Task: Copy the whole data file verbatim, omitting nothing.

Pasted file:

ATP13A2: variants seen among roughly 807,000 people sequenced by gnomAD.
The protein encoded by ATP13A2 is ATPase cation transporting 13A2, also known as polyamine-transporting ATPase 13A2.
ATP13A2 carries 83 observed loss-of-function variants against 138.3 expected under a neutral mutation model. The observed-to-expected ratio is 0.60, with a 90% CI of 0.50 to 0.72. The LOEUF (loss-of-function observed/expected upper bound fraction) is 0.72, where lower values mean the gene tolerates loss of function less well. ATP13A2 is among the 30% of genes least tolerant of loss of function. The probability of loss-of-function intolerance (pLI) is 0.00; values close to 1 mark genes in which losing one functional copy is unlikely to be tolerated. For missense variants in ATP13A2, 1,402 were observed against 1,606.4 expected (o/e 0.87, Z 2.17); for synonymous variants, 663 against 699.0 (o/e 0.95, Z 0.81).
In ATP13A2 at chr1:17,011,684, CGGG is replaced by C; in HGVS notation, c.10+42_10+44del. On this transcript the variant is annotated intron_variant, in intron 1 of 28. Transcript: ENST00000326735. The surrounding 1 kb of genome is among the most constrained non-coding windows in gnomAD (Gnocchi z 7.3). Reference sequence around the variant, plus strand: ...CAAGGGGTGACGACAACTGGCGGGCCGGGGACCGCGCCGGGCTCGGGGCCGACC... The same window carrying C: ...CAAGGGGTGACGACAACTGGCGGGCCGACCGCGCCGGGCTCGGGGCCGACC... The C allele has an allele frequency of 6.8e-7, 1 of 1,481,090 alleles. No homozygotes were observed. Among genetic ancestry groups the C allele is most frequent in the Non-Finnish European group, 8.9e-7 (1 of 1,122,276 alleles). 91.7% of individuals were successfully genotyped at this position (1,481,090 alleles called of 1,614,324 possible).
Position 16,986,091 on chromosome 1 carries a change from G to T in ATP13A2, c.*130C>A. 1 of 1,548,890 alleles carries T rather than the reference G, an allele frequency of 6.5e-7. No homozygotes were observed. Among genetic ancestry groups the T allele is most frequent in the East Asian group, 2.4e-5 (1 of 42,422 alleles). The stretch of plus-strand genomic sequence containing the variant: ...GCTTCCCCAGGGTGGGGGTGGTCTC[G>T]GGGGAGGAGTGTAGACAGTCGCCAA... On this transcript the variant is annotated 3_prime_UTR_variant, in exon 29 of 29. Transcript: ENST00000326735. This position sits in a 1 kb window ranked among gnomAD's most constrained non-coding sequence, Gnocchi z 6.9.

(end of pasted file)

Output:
ATP13A2: variants seen among roughly 807,000 people sequenced by gnomAD.
The protein encoded by ATP13A2 is ATPase cation transporting 13A2, also known as polyamine-transporting ATPase 13A2.
ATP13A2 carries 83 observed loss-of-function variants against 138.3 expected under a neutral mutation model. The observed-to-expected ratio is 0.60, with a 90% CI of 0.50 to 0.72. The LOEUF (loss-of-function observed/expected upper bound fraction) is 0.72, where lower values mean the gene tolerates loss of function less well. ATP13A2 is among the 30% of genes least tolerant of loss of function. The probability of loss-of-function intolerance (pLI) is 0.00; values close to 1 mark genes in which losing one functional copy is unlikely to be tolerated. For missense variants in ATP13A2, 1,402 were observed against 1,606.4 expected (o/e 0.87, Z 2.17); for synonymous variants, 663 against 699.0 (o/e 0.95, Z 0.81).
In ATP13A2 at chr1:17,011,684, CGGG is replaced by C; in HGVS notation, c.10+42_10+44del. On this transcript the variant is annotated intron_variant, in intron 1 of 28. Transcript: ENST00000326735. The surrounding 1 kb of genome is among the most constrained non-coding windows in gnomAD (Gnocchi z 7.3). Reference sequence around the variant, plus strand: ...CAAGGGGTGACGACAACTGGCGGGCCGGGGACCGCGCCGGGCTCGGGGCCGACC... The same window carrying C: ...CAAGGGGTGACGACAACTGGCGGGCCGACCGCGCCGGGCTCGGGGCCGACC... The C allele has an allele frequency of 6.8e-7, 1 of 1,481,090 alleles. No homozygotes were observed. Among genetic ancestry groups the C allele is most frequent in the Non-Finnish European group, 8.9e-7 (1 of 1,122,276 alleles). 91.7% of individuals were successfully genotyped at this position (1,481,090 alleles called of 1,614,324 possible).
Position 16,986,091 on chromosome 1 carries a change from G to T in ATP13A2, c.*130C>A. 1 of 1,548,890 alleles carries T rather than the reference G, an allele frequency of 6.5e-7. No homozygotes were observed. Among genetic ancestry groups the T allele is most frequent in the East Asian group, 2.4e-5 (1 of 42,422 alleles). The stretch of plus-strand genomic sequence containing the variant: ...GCTTCCCCAGGGTGGGGGTGGTCTC[G>T]GGGGAGGAGTGTAGACAGTCGCCAA... On this transcript the variant is annotated 3_prime_UTR_variant, in exon 29 of 29. Transcript: ENST00000326735. This position sits in a 1 kb window ranked among gnomAD's most constrained non-coding sequence, Gnocchi z 6.9.